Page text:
On January 31, 1940, the first monthly recurring Social Security retirement check was issued, going to Ida May Fuller of Ludlow, Vermont.
Born in 1874, Ida May Fuller worked as a schoolteacher before becoming a legal secretary in 1905. Never married, she worked for about three years under the Social Security program before retiring in 1939 and starting her Social Security retirement at age 65 in January 1940.
She was the first beneficiary of recurring monthly Social Security payments. Her retirement amount was $22.54 per month and, at that time, cost-of-living adjustments (COLAs) did not yet exist.
Ms. Fuller lived to be 100 years old, dying in 1975 with a secure place in Social Security history. Here is an October 1950 photo of Ms. Fuller:
However, while Ms. Fuller received the first monthly recurring Social Security benefit, she did not receive the first Social Security payment. That distinction is credited to Ernest Ackerman of Cleveland, Ohio.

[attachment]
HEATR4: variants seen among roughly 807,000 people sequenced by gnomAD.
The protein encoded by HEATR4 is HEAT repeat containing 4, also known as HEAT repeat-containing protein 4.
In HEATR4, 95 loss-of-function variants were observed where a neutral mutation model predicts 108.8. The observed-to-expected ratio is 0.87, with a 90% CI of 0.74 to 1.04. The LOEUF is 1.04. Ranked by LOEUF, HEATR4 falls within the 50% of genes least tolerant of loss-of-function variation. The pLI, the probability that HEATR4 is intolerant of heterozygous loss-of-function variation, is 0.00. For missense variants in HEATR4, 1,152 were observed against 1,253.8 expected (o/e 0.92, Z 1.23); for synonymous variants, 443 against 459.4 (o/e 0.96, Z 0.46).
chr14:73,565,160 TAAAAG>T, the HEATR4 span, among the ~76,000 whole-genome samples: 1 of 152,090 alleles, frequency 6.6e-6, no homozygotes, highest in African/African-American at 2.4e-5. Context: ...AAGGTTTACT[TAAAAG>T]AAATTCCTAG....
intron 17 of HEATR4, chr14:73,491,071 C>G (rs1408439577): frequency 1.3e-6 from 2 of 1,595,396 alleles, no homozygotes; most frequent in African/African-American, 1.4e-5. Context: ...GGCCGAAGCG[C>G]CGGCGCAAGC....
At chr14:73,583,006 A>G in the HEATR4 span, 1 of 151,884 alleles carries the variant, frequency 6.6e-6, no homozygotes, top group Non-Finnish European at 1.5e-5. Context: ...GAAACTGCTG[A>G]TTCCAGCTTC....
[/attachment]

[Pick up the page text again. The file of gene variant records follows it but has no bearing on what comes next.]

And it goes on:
|As noted in the history section of the Social Security website, “From 1937 until 1940 Social Security paid benefits in the form of a single, lump-sum payment. The purpose of these one-time payments was to provide some “payback” to those people who contributed to the program but would not participate long enough to be vested for monthly benefits. … The earliest reported applicant for a lump-sum benefit was a retired Cleveland motorman named Ernest Ackerman, who retired one day after the Social Security program began. During his one day of participation in the program, a nickel was withheld from Mr. Ackerman’s pay for Social Security, and, upon retiring, he received a lump-sum payment of 17 cents.” Here is an undated photo of Mr. Ackerman:Information today is from the History section of the Social Security website and, in particular, from the “Historical Development of Economic Insurance” section.|